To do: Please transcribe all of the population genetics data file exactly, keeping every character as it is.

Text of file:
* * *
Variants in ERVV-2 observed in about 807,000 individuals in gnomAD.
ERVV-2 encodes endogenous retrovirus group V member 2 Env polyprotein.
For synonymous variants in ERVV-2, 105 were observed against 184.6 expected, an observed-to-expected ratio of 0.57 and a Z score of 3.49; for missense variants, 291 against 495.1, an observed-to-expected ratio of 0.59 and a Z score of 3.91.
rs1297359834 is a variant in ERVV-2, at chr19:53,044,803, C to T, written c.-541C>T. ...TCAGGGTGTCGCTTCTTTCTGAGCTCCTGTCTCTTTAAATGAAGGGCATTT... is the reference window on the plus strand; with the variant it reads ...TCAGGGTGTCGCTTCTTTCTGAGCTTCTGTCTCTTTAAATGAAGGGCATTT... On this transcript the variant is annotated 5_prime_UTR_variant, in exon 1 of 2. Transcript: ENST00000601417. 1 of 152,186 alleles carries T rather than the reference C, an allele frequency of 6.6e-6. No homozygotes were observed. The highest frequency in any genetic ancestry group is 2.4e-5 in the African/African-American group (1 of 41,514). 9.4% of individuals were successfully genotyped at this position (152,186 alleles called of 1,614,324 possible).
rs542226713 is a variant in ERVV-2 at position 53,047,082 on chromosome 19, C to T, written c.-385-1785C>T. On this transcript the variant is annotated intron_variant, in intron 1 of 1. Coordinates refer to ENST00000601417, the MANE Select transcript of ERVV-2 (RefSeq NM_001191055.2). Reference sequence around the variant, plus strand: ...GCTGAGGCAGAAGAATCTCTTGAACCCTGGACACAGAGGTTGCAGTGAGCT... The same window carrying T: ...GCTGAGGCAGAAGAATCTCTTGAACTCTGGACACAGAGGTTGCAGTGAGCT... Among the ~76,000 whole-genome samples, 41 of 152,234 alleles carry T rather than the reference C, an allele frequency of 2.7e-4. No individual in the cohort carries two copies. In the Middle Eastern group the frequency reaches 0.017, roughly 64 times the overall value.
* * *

Variants in ERVV-2 observed in about 807,000 individuals in gnomAD.
ERVV-2 encodes endogenous retrovirus group V member 2 Env polyprotein.
For synonymous variants in ERVV-2, 105 were observed against 184.6 expected, an observed-to-expected ratio of 0.57 and a Z score of 3.49; for missense variants, 291 against 495.1, an observed-to-expected ratio of 0.59 and a Z score of 3.91.
rs1297359834 is a variant in ERVV-2, at chr19:53,044,803, C to T, written c.-541C>T. ...TCAGGGTGTCGCTTCTTTCTGAGCTCCTGTCTCTTTAAATGAAGGGCATTT... is the reference window on the plus strand; with the variant it reads ...TCAGGGTGTCGCTTCTTTCTGAGCTTCTGTCTCTTTAAATGAAGGGCATTT... On this transcript the variant is annotated 5_prime_UTR_variant, in exon 1 of 2. Transcript: ENST00000601417. 1 of 152,186 alleles carries T rather than the reference C, an allele frequency of 6.6e-6. No homozygotes were observed. The highest frequency in any genetic ancestry group is 2.4e-5 in the African/African-American group (1 of 41,514). 9.4% of individuals were successfully genotyped at this position (152,186 alleles called of 1,614,324 possible).
rs542226713 is a variant in ERVV-2 at position 53,047,082 on chromosome 19, C to T, written c.-385-1785C>T. On this transcript the variant is annotated intron_variant, in intron 1 of 1. Coordinates refer to ENST00000601417, the MANE Select transcript of ERVV-2 (RefSeq NM_001191055.2). Reference sequence around the variant, plus strand: ...GCTGAGGCAGAAGAATCTCTTGAACCCTGGACACAGAGGTTGCAGTGAGCT... The same window carrying T: ...GCTGAGGCAGAAGAATCTCTTGAACTCTGGACACAGAGGTTGCAGTGAGCT... Among the ~76,000 whole-genome samples, 41 of 152,234 alleles carry T rather than the reference C, an allele frequency of 2.7e-4. No individual in the cohort carries two copies. In the Middle Eastern group the frequency reaches 0.017, roughly 64 times the overall value.